Conditions for aeolian transport in the Solar System

This is a Preprint and has not been peer reviewed. This is version 1 of this Preprint.

Downloads

Download Preprint

Supplementary Files
Authors

Andrew Gunn , Douglas J. Jerolmack 

Abstract

Sand dunes arise wherever loose sediment is mobilized by winds that exceed threshold speeds, and grains are sufficiently strong to survive collisions. The ubiquity of dunes in our solar system is remarkable and confounding; their occurrence under conditions of thin atmospheres, and/or friable materials, challenges our understanding of sediment transport mechanics. Current threshold theories lose meaning and diverge from one another when extrapolated to some planetary bodies, because they neglect physical processes that become relevant under such exotic conditions. Here we draw on results in contact, rarified gas, statistical and adhesion mechanics to present more complete theories for the ‘fluid’ and ‘impact’ thresholds of aeolian transport. Our theoretical predictions compare well with all available experimental threshold observations, and shed light on the contentious issues of sediment mineralogy on Titan and the high threshold for dune activity on Mars. This work will aid in interpreting planetary atmospheric dynamics from observed dunes, and determining what observations are required for future space missions.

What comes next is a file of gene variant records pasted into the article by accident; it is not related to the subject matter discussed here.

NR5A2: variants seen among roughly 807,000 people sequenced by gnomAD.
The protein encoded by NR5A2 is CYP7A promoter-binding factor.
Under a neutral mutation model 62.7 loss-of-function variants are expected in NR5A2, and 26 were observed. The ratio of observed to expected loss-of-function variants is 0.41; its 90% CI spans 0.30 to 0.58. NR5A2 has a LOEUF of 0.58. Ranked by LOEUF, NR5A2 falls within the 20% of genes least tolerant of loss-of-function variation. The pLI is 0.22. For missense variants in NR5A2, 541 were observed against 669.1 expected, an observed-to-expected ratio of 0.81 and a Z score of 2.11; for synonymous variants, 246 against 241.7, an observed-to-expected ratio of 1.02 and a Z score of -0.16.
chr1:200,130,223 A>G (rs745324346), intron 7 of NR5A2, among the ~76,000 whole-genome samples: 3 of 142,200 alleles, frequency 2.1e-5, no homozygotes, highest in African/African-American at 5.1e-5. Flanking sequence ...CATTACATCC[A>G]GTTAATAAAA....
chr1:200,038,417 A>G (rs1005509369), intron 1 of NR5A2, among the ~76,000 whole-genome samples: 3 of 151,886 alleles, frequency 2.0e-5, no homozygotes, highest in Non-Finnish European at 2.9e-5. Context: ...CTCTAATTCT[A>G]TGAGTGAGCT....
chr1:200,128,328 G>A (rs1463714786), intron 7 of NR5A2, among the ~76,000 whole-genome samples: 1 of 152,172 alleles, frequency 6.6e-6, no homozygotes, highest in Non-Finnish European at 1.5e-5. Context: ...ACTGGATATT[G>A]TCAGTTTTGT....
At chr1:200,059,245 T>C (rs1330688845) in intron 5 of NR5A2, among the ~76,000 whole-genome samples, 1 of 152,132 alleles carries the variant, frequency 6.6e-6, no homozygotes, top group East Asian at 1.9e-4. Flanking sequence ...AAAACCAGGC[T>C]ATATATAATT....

DOI

https://doi.org/10.31223/X5SC70

Subjects

Planetary Geomorphology

Keywords

sediment, transport, planetary

Dates

Published: 2020-12-06 17:20

License

CC BY Attribution 4.0 International

Additional Metadata

Conflict of interest statement:
None.

Add a Comment

You must log in to post a comment.


Comments

There are no comments or no comments have been made public for this article.